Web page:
Serious flaws mar idea public transit would ease Interstate 70 congestion | SummitDaily.com
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Serious flaws mar idea public transit would ease Interstate 70 congestion

Having now read several articles about both the Colorado Department of Transportation (CDOT) and County Commissioner Gary Lindstrom regarding their thoughts on mitigating the Interstate 70 corridor traffic situation, there appear to be serious flaws regarding this whole issue.

Let’s take the following scenario. A Denver family returns home on Friday afternoon and drives 30 minutes in rush hour traffic to the rail head to catch the high speed train/bus, for which they then wait 15 to 20 minutes.

After making several intermediate stops (five to 10 minutes each) to pick up more passengers, they arrive at Frisco only to disembark and wait 15 minutes for a bus to Breckenridge.



After another 25 to 30 minutes to get to Breck and deposited at a bus stop, they have to drag their stuff to their condo or wait 30 minutes for a taxi.

Door to door, this takes four to five hours, for which they have the privilege of paying $40-$50 (pick a figure) per person. Would you do that?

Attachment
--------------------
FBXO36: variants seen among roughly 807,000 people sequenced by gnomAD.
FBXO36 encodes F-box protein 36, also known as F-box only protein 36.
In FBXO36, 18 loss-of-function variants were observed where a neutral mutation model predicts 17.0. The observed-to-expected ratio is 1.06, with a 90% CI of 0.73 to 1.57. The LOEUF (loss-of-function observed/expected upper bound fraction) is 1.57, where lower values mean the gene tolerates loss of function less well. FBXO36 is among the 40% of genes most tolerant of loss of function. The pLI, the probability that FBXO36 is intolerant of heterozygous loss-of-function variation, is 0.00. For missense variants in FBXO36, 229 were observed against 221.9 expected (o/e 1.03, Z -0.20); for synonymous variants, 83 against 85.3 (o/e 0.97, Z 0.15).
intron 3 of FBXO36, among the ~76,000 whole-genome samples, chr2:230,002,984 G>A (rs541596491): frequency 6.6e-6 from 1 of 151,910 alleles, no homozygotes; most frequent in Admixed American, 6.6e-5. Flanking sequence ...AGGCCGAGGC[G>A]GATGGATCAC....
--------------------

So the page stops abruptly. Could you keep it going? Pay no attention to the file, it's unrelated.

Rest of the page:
Such transportation may be used primarily by out-of-state visitors, who probably account for a fraction of the weekend traffic. And how will this solve the I -70 weekend problem?

But wait, this is a winter and summer issue. It is one thing to head to a ski area, of which there are a limited number. It is quite another to have people heading to the mountains to hike, bike, kayak, sail, camp and/or fish, all at an infinite number of places.

Just how do I get from a condo to the trailhead for a 7 a.m. departure to Desolation Lake?

Where are the studies, which one hopes CDOT has properly commissioned, that address:

n The traffic mix of Front Range to out-of-state visitors on I-70;

n The cost of each proposed alternative for the average family to use;

n A representative door-to-door time line;

n How the mix changes as a function of time of year and the types of activities people undertake;

n How people will get around in the area once they are here; and, finally;

n A survey of who will use each transportation option based on the above factors?

Unless we understand the answers to these (and many more) questions, everyone weighing in is just blowing smoke. In fact, how could we have come this far without such a study? CDOT and Mr. Lindstrom: Assuming you can answer these questions, please kindly share the information with the rest of us who will have to live with the solution.


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